Scripture has always taught God’s people to pursue God’s priorities. But over time, opinions differed on those priorities. No one’s opinion was conclusive. There were no guardrails on truth.
Religious leaders in Jesus’ day debated on the separation of the important commandments from the less-important ones. One day when Jesus was teaching in the temple, a scribe tossed this live grenade in front of Jesus to see where He stood in the debate:
What commandment is the foremost of all? —Mark 12:28
Jesus’ answer did more than weigh in on the longstanding disagreement.
It helped us understand how to balance our priorities.
The Greatest Commandment is Love. Yeah, So What?
What is the most important commandment? Jesus tells us:
The foremost is, ‘Hear, O Israel! The Lord our God is one Lord; and you shall love the Lord your God with all your heart, and with all your soul, and with all your mind, and with all your strength.’ The second is this, ‘You shall love your neighbor as yourself.’ There is no other commandment greater than these. —Mark 12:29–31
Jesus quoted from Deuteronomy 6:4, a verse called the Shema, from the Hebrew term that translates the command: “hear.”
- This verse stressed the unity of God as one Lord—the Jews’ basic confession of faith.
- This fundamental truth is followed by the fundamental command: we should love God with all of who we are.
- All of the words “you” and “your” in these verses are singular in the original languages and speak to an individual’s responsibility to love God—not just to Israel’s duty in general. (Read Mark 12:29–31 again with that in mind.) While the Lord is “our God,” corporately, He is also “your God,” personally.
Even the Beatles told us “All We Need is Love.” So what does that look like, practically?
How We are to Love God
In the Lord’s own life, we see Jesus grew intellectually, physically, spiritually, and socially (see Luke 2:52), and each of these areas is inherent in the greatest commandment.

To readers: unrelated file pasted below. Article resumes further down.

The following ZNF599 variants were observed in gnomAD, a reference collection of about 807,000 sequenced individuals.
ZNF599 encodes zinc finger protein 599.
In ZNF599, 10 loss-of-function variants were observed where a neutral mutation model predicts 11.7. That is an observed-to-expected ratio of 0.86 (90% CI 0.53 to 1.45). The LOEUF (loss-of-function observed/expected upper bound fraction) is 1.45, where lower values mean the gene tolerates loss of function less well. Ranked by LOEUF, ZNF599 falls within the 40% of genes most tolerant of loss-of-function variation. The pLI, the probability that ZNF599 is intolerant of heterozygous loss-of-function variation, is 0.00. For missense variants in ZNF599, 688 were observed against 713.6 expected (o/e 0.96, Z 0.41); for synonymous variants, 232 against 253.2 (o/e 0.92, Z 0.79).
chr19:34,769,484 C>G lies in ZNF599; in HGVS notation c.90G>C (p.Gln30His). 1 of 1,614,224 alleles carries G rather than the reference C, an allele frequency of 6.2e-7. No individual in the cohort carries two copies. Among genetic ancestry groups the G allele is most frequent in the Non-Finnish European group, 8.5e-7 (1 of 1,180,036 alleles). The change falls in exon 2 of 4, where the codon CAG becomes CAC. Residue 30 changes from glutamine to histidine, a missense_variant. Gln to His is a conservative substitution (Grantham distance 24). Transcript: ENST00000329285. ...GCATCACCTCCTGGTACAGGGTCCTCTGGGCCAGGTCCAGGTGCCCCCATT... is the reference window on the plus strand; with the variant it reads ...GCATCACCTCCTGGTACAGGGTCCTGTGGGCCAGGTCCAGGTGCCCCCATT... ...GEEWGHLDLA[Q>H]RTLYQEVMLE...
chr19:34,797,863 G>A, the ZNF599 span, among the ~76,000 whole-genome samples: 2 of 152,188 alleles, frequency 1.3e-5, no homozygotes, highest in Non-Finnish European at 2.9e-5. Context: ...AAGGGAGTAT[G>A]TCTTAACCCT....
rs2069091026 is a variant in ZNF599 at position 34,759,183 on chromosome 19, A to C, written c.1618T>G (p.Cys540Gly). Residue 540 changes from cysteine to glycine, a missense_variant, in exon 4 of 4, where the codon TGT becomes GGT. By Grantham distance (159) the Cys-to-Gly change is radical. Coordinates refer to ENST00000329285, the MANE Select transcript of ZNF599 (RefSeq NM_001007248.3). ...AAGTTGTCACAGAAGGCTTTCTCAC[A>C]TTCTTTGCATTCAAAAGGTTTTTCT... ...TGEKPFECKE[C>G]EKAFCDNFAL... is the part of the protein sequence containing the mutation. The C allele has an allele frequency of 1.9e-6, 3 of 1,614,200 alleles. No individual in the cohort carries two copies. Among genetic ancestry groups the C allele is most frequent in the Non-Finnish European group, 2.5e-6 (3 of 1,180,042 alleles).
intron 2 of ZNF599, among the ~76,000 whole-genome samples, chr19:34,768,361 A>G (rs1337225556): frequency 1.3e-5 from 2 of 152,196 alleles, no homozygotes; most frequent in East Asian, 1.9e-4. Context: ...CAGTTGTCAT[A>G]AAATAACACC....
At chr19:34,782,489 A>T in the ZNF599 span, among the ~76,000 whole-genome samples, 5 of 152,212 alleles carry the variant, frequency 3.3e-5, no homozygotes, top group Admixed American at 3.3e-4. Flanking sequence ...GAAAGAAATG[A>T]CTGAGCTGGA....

Jesus revealed that our love for God should find its expression in practical terms. We love God with the whole person:
- spiritually (“with all your heart, and with all your soul”)
- intellectually (“with all your mind”)
- physically (“with all your strength”)
- socially (“love your neighbor as yourself”—a verse Jesus added from Leviticus 19:18).
We hear in Jesus’ words the essence of God’s priorities as well as God’s prescription for a balanced life.
Paul added a big “Amen”
The apostle Paul later echoed these principles in a passage that reveals our responsibility to respond to God’s mercy as a whole person. Observe the brackets that reveal the four areas of growing like Jesus:
Therefore I urge you, brethren, by the mercies of God, to present your bodies a living and holy sacrifice [physical], acceptable to God, which is your spiritual service of worship [spiritual]. And do not be conformed to this world, but be transformed by the renewing of your mind, so that you may prove what the will of God is, that which is good and acceptable and perfect. For through the grace given to me I say to everyone among you not to think more highly of himself than he ought to think; but to think so as to have sound judgment [intellectual], as God has allotted to each a measure of faith. For just as we have many members in one body and all the members do not have the same function, so we, who are many, are one body in Christ, and individually members one of another [social]. (Romans 12:1–5)
So, how do we live out Paul’s words and love God with our whole being? We determine to follow Jesus and grow like He did.
How Jesus Determined His Priorities
At the outset of Jesus’ ministry, His compassion and power to heal physical diseases gave Him enormous popularity with the masses. After a full evening of healing many physical diseases, Jesus rose early the next morning and found a quiet place to be alone and pray (Mark 1:35). But His quiet time was interrupted.
“Everyone is looking for You,” the disciples blurted after finding Jesus. Why did the people want Jesus? They wanted their physical needs met.
But note how Jesus responded—and more importantly, why:
Let us go somewhere else to the towns nearby, so that I may preach there also; for that is what I came for. —Mark 1:38
Jesus first looked to the Father for His priorities, rather than to people, and then Jesus determined to live these priorities.
What a tremendous model.
Question: What helps you to keep your priorities balanced? To leave a comment, just click here.
From Wayne Stiles, “All of Me: Growing as a Whole Person,” Growing Like Jesus: Pursuing Health for the Whole Person (IFL Publishing House, 2009).